The Hanoi Tourism Department has announced that over 170,000 individuals visited Hanoi during the two-day BlackPink concert, generating a total revenue of VND630 billion (US$27.4 million) for the city.
The benefits of hosting the group’s performance in Vietnam are evident. However, have we fully capitalized on these opportunities to promote our country’s image and generate income?
Associate Professor, PhD. Bui Hoai Son, a member of the National Assembly’s Committee on Culture and Education, discussed this phenomenon with The Hanoi Times.
The potential of Vietnam’s entertainment market
With the recent BlackPink effect, what are your comments on the needs of the Vietnamese audience?
The BlackPink event in Hanoi displayed the immense appeal of this girl band.
Despite the relatively high ticket prices, a portion of the audience still willingly paid for a high-quality and memorable musical experience. This demand also demonstrates the potential of Vietnam’s entertainment market. With the creation of quality products and a greater focus on the entertainment industry, Vietnam’s cultural and artistic values could flourish, much like what BlackPink has achieved.
|BlackPink is a money-making machine in the South Korean cultural industry. Photo: YG|
What are the benefits that Vietnam can reap from the performances of global stars in the country?
We witnessed the enormous attraction of BlackPink in Vietnam. Hotel rooms and air tickets were all sold out, the stadium was packed, and BlackPink dominated the newspapers and social networks. Hanoi greatly benefitted from the BlackPink event in terms of economic value and brand promotion.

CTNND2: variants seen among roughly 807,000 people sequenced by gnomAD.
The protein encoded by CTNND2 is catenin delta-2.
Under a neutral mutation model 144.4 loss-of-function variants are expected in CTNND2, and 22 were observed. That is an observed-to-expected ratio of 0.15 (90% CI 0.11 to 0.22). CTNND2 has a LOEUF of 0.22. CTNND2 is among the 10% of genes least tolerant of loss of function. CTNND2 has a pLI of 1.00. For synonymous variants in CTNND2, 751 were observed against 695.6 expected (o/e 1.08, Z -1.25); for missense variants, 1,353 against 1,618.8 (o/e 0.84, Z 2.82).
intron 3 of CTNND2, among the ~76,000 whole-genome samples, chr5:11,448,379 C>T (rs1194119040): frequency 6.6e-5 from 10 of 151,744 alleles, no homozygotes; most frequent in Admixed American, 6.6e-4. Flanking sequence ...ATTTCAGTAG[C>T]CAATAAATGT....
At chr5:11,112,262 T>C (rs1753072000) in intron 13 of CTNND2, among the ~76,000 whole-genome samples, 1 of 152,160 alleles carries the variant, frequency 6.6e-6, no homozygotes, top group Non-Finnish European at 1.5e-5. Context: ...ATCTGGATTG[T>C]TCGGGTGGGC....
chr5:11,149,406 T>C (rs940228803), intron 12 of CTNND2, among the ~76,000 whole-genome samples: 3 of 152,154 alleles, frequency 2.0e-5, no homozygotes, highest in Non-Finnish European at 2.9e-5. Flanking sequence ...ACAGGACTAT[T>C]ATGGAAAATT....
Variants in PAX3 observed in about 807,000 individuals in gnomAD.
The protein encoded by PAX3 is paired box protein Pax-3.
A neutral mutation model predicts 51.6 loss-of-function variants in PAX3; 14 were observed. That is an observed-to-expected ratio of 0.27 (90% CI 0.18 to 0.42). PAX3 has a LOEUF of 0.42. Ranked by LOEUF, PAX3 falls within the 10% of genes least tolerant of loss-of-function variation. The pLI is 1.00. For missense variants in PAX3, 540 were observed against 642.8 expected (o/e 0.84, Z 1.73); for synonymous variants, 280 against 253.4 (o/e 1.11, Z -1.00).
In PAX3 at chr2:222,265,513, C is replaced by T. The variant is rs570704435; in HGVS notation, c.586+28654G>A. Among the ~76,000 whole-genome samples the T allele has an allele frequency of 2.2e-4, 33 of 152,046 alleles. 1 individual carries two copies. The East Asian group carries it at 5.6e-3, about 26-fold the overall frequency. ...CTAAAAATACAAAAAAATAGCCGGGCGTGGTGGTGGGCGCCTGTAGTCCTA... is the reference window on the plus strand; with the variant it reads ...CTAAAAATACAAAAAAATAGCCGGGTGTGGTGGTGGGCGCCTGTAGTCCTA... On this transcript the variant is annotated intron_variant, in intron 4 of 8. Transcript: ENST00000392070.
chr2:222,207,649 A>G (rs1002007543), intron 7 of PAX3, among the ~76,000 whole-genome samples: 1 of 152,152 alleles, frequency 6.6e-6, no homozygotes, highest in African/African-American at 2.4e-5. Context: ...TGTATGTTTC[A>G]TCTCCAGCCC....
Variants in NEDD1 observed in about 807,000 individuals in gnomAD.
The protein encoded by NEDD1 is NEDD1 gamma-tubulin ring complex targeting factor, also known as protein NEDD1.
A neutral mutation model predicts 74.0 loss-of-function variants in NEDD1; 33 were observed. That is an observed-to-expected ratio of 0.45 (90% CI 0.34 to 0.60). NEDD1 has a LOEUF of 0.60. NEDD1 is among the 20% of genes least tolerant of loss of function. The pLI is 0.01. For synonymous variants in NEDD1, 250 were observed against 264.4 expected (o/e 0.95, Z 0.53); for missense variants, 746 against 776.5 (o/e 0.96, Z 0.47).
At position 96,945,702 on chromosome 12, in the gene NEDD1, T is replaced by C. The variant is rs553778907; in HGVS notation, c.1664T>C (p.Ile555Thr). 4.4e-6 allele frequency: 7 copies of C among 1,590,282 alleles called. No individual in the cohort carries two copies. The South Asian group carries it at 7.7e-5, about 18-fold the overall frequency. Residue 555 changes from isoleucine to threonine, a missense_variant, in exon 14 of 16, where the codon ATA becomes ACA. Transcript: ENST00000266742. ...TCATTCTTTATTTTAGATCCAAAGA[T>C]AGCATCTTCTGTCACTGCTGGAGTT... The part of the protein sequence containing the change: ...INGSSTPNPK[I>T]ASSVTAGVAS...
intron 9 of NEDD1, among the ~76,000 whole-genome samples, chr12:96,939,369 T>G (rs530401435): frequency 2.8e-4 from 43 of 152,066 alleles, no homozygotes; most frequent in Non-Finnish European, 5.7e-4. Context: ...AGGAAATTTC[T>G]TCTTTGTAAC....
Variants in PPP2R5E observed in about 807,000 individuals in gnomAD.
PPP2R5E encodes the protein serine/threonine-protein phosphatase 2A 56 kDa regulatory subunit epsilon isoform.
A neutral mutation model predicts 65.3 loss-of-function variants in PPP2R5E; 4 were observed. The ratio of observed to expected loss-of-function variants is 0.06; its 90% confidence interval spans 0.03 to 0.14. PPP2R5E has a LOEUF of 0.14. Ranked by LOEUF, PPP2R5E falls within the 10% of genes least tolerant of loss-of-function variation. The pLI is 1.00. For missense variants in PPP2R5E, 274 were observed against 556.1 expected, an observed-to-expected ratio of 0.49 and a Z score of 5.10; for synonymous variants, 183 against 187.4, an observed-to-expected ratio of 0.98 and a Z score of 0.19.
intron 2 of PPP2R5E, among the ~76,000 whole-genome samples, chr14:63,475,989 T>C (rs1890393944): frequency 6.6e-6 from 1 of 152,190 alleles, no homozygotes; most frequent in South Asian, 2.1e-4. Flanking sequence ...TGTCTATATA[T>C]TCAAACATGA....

BlackPink’s concert in Vietnam made headlines worldwide, providing an opportunity to showcase the capital’s image and enhance the national entertainment industry.
Through the BlackPink event, what lessons can Vietnamese companies learn while organizing music shows in collaboration with foreign counterparts?
We can undoubtedly learn a great deal from this event in Vietnam. First and foremost, as organizers, thorough and professional preparation is essential across all aspects, including stage setup, sound, lighting, security, customer service, and event management.
Through the BlackPink event, we also gained insights into copyright issues.
|Bui Hoai Son, member of the National Assembly Committee for Culture and Education.|
So, what can the Vietnamese cultural industry learn from the Korean experience?
We can learn how to create high-quality and innovative entertainment content, invest in artists and bands, and establish a brand that attracts both domestic and international audiences.
Furthermore, promoting tourism through the entertainment industry should be considered. However, it is crucial to protect and promote our national cultural identity to preserve the diversity and uniqueness of Vietnamese culture, thereby attracting tourists and providing them with a distinct experience.
South Korea has made long-term and sound investments in the cultural industry. Vietnam released a strategy for cultural industries in 2016, but numerous barriers persist. What are your thoughts on this issue?
The development of the cultural industry is a complex process that necessitates long-term investment. However, the strategies implemented thus far have exhibited shortcomings.
There are no specific incentives for the cultural industry in terms of taxes, land, public-private partnerships, and the management and utilization of public property. Thus, the supporting environment for the growth of cultural industries is not particularly favorable.
In terms of human resources, I believe that a more comprehensive training system in culture, cinema, music, and art is crucial. To cultivate the domestic cultural industry, we must invest in and support local artists, cultural workers, and art managers.
Thank you for your time.